A Critical Response Service trialed in WA over the past year will be expanded into the Northern Territory and South Australia this year, says Indigenous Affairs minister Nigel Scullion.
The expansion will be part of a $10 million national roll out of the service over three years which will eventually see it move into the remaining states from 2018.
The Critical Response Service is led by Bunuba and Gija woman Adele Cox from WA’s Kimberley. Ms Cox is a national leader in mental health and suicide prevention.
“Every suicide is a tragedy and the effects on tight-knit Aboriginal and Torres Strait Islander communities are often more profound – contributing to the clusters of suicide and self-harm that we see,” Mr Scullion said in Groote Eylandt on Monday.
“Suicide rates among Indigenous people are twice the national rate and five times the national rate for young people. For suicide rates to fall it is essential Aboriginal and Torres Strait Islander people can access responsive and culturally-appropriate care – and this is something the Critical Response Service will support.”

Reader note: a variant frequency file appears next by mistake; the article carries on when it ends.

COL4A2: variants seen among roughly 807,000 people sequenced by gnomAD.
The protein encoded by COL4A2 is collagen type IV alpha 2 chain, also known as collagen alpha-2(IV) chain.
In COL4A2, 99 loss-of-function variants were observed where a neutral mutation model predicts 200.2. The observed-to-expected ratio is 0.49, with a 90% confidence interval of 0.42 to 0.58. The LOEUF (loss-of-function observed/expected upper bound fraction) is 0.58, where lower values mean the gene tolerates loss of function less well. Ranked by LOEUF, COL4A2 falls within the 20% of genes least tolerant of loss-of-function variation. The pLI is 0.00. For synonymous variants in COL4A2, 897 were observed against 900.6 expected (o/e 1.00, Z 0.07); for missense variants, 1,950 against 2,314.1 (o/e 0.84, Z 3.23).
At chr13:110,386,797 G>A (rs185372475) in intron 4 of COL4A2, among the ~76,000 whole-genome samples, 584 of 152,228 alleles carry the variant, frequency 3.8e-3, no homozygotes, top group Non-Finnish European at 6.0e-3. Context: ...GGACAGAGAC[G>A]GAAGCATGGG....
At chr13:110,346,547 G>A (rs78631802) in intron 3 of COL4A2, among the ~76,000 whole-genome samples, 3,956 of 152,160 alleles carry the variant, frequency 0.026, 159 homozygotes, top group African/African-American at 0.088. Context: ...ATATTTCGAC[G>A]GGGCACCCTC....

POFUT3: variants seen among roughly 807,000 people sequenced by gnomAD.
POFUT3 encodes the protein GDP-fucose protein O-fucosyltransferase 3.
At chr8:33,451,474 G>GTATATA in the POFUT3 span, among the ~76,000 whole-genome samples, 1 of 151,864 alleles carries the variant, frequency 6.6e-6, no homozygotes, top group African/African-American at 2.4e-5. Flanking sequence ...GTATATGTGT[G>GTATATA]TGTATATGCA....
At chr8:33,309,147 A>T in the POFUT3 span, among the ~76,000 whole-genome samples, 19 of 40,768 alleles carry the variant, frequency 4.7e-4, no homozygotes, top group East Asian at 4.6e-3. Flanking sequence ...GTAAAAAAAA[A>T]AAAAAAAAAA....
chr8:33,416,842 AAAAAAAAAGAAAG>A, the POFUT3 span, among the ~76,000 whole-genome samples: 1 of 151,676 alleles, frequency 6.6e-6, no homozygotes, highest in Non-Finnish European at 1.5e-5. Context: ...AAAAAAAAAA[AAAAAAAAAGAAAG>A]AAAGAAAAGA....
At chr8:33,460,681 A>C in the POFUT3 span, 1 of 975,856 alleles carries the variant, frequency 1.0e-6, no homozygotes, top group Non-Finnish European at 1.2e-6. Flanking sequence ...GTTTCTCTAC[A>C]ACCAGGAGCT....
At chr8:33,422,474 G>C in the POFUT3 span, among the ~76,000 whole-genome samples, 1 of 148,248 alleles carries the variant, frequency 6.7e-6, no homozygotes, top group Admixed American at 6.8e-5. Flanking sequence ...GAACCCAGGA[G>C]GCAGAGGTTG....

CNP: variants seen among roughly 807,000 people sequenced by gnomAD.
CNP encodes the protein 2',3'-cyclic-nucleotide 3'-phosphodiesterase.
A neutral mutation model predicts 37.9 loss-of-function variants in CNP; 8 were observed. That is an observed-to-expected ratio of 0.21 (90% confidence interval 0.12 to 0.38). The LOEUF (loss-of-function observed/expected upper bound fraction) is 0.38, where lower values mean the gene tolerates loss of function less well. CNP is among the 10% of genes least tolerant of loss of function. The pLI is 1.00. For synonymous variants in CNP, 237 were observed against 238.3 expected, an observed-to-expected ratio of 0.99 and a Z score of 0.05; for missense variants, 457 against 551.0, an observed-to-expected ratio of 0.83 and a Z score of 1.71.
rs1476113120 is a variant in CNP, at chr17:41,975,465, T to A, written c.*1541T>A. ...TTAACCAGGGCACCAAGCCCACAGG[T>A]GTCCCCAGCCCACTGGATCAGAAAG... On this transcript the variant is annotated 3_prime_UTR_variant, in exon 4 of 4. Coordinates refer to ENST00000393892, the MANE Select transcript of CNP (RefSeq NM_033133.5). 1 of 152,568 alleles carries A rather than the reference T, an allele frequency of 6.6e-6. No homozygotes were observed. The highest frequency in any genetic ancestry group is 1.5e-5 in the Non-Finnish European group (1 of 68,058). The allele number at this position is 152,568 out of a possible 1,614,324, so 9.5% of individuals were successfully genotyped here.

Members of the Critical Response Service team make contact with Indigenous families affected by a suicide or a traumatic event and co-ordinate existing support services to ensure they are delivered in a coordinated and culturally appropriate way that best meets the needs of the family.
Ms Cox said the Critical Response Service would support individuals, families and communities and help to lessen the burden felt by so many in their time of need while at the same time contributing to broader suicide-prevention activities.